Between 100 and 150 years ago, the Italian government reclaimed land from the edge of the Venice lagoon for agricultural purposes. The reclaiming process mostly consists of constructing a barrier of earth and pumping water out of the area to maintain a dry zone on the surface. The cost of pumping directly affects the farmers’ bottom line. Over pumping is wasteful but under pumping causes poor crop production. Therefore, they need to understand, model, and predict the optimal amount of pumping. Several research labs at the Università degli Studi di Padova are constructing this model. In particular, my responsibility was to predict unsaturated hydraulic properties for a dense grid from measurements taken at 50 locations (multivariate geospatial statistics). I also developed a method to predict these values for other fields without measuring the properties directly (spatial upscaling and pedotransfer functions). This required an investigation into the underlying causal processes which develop the soil (factorial kriging analysis). One unique aspect of this site was the paleo-river channels which add extreme variability to the soil which was challenging from a geospatial statistical point of view. The novel part of this research is the application of geospatial statistics to the study of unsaturated hydraulic properties.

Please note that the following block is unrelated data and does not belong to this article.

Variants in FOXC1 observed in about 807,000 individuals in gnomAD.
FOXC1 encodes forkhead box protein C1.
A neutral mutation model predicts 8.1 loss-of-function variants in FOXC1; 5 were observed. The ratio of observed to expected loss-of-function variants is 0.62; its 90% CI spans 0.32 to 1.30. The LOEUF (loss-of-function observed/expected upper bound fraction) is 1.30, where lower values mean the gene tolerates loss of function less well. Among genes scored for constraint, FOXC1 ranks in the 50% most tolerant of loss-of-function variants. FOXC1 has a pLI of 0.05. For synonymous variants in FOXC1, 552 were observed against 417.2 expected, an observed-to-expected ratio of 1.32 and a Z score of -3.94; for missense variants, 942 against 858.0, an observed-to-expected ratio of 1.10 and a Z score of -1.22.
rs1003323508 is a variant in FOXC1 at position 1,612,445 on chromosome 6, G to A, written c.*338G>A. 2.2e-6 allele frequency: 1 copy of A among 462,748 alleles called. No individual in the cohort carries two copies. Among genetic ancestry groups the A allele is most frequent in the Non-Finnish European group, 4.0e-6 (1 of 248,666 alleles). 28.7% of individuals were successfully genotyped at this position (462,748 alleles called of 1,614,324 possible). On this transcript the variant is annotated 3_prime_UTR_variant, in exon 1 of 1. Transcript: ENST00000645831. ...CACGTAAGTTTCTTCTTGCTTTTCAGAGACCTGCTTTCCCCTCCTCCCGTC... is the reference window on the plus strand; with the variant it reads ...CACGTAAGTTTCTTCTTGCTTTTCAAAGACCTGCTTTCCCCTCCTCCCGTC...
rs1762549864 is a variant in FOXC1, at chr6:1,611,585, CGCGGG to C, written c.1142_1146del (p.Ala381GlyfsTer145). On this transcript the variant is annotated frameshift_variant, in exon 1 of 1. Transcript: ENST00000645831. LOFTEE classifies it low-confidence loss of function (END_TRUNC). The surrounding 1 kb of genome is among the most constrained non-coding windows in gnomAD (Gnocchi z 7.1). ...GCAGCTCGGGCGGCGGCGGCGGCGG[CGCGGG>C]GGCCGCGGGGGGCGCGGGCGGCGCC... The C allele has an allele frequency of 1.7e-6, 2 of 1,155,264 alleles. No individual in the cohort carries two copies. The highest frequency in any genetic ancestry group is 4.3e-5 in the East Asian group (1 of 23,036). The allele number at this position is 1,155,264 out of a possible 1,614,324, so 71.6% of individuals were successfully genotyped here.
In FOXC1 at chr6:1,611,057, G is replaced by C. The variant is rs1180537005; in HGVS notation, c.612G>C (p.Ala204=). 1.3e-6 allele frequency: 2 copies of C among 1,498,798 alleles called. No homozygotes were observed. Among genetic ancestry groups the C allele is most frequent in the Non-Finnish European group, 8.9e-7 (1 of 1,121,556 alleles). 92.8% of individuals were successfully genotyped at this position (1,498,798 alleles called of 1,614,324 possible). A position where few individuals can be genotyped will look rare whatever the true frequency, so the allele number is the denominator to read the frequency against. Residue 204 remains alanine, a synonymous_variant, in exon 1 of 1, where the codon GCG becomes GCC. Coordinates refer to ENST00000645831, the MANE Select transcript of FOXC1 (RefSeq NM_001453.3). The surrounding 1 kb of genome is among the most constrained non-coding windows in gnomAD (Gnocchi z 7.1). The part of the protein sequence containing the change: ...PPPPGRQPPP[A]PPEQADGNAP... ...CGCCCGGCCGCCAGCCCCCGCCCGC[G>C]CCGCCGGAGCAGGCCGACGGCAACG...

Bevington, J., F. Morari, D. Piragnolo, P. Teatini and G. Vellidis. 2016. Explanation of the Spatial Variation of Hydraulic Properties of Soils in the Venice Lagoon Margin (Italy) with Factorial Kriging Analysis. Geoderma. 262: 294-305.

Bevington, J., F. Morari, D. Piragnolo, P. Teatini and G. Vellidis. 2019. Spatial Prediction of Hydraulic Zones from Soil Properties and Secondary Data Using Factorial Kriging Analysis. Electronics in Agriculture. 156: 426-438.

James Bevignton and Soil Samples